There is a question of what happens to a person’s “digital assets” upon death.
A Digital Asset is an electronic record in which an individual has a right or interest. Digital assets and content include but are not limited to individual files such as images, photos, videos, and text files. It also includes other digital content and databases owned and/or stored either on a devise owned or used by an individual on devices accessed via the Internet or in a Cloud. Digital Assets also include but are not limited to email accounts, social media profiles (YouTube or Flickr), social networking profiles (Facebook), LinkedIn, etc.
Are these on-line accounts automatically considered a part of the personal property of the deceased person or a separate category? Although many attorneys have been including provisions in Wills and Powers of Attorneys addressing this concern, North Carolina has recently legislated to specifically address the issue. The new law, known as the Revised Uniform Fiduciary Access to Digital Assets Act allows an individual to designate the persons who can gain access to his digital assets upon death or incapacity. This law only pertains to personal accounts and not accounts that are provided by an employer. Under the new law, an individual can designate access to his named Executor under a Last Will and Testament, Attorney-in-Fact under a Power of Attorney, or Trustee under a Trust. In addition, this law allows a court appointed guardian to access digital assets.
The need for such a law came about because digital assets are controlled by the contract that an individual signs (or clicks to agree) when engaging a new account such as Facebook, Twitter, Instagram, etc. (collectively called the “custodian” in this article). While providing for the privacy of the individual, these contracts historically did not address the issue of death or incapacity. Based upon a person’s specific designations on the account, the executor or other fiduciary can obtain access to digital assets whether it is to obtain information or shut down accounts. It is important to note, however, that on line designations that a person makes take precedent over a designation in the Will or Power of Attorney. This means that if in setting up a Facebook account, one provides that the custodian should not disclose any information, this directive will be followed and information will not be disclosed to the Executor. For this reason, it is important that the designations on the on-line account are consistent with an individual’s estate planning documents.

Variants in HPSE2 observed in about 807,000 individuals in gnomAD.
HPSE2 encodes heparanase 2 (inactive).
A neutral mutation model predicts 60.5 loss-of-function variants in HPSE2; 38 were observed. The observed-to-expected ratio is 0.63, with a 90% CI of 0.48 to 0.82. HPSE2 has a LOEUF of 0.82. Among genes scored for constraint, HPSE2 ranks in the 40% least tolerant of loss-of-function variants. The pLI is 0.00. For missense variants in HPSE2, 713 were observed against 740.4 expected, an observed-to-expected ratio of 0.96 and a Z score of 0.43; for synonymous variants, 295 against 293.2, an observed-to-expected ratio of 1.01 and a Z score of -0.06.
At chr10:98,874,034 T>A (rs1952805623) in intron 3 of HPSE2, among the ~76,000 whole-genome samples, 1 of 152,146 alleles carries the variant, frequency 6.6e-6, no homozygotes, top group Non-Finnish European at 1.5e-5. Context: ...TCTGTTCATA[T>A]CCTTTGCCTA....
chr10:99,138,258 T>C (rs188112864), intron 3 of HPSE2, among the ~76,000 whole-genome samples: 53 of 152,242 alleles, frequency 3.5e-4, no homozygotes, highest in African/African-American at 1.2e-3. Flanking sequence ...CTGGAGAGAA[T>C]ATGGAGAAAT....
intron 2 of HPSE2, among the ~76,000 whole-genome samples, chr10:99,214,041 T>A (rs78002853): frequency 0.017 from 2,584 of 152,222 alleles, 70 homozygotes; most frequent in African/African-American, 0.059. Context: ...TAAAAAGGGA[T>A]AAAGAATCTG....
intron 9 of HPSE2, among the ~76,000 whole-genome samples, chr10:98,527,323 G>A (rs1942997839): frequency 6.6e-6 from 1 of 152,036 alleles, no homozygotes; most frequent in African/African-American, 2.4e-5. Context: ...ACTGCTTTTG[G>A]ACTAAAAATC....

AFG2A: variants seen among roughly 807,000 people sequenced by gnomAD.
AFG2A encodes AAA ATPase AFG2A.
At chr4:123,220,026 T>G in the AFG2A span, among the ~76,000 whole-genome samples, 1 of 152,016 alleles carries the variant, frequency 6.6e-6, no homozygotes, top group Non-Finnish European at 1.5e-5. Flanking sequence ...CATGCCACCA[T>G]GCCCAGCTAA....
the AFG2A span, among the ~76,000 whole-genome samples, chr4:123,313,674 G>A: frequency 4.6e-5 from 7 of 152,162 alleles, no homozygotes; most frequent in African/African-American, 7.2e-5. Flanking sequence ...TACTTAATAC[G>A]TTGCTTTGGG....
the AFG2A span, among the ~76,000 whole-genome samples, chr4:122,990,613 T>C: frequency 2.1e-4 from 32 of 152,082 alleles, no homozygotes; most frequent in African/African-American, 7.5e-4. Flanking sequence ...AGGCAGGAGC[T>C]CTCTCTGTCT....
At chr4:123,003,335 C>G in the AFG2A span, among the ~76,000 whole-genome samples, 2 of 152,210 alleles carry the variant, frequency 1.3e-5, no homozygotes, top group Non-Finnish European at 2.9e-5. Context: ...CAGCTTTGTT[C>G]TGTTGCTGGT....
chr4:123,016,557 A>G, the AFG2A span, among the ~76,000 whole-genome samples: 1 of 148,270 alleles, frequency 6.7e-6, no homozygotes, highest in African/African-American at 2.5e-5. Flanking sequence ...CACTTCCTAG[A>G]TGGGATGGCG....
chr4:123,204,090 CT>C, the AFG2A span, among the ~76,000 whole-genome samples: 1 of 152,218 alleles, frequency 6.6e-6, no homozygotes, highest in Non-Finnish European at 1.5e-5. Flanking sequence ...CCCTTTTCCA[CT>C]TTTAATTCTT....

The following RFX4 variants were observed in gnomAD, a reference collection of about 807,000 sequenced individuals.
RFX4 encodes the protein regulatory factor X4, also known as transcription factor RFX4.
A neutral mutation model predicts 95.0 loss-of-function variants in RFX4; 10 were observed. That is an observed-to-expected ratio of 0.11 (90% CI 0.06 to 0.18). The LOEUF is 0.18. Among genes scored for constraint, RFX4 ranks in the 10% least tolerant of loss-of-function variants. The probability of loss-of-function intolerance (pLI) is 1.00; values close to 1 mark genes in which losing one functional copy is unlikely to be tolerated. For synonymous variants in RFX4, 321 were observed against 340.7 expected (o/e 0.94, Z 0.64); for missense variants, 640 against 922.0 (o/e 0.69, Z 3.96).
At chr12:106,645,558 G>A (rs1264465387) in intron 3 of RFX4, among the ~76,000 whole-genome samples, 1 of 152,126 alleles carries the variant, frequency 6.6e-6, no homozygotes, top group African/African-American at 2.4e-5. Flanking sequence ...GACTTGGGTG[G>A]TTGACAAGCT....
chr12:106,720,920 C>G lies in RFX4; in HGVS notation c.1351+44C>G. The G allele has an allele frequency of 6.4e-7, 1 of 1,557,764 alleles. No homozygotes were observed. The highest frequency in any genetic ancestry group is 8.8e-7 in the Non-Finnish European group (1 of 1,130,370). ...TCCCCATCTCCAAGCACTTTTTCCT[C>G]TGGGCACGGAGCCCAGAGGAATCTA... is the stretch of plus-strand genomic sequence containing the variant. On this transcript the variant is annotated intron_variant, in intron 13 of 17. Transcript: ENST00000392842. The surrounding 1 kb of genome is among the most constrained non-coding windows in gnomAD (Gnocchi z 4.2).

If an individual has not specifically consented to allow his fiduciaries to access his digital assets, then his fiduciaries may still be able to access the “catalogue” for digital assets — this is the basic identifying information such as name, date and electronic address of the communication. Access to the actual content of digital assets is allowed only if the individual consented in his Last Will and testament, Power of Attorney or on the contract with the custodian. In addition, when the custodian believes disclosing information causes an undue burden, it may still require a fiduciary obtain a court order. The custodian may also charge for the information disclosed. Once any required information is provided, the custodian has 60 days to give access. Custodians do not need to disclose digital assets that had been deleted by the original owner.
This practical lesson one should take form this new law is that it is important when setting up an account to take the time to complete the options provided by the Custodian regarding access to the account in the event of the owner’s death or disability. In addition, estate planning documents such as a last Will and Testament, Trust and/or Power of Attorney should all provide for consistent designations allowing you and your family peace of mind.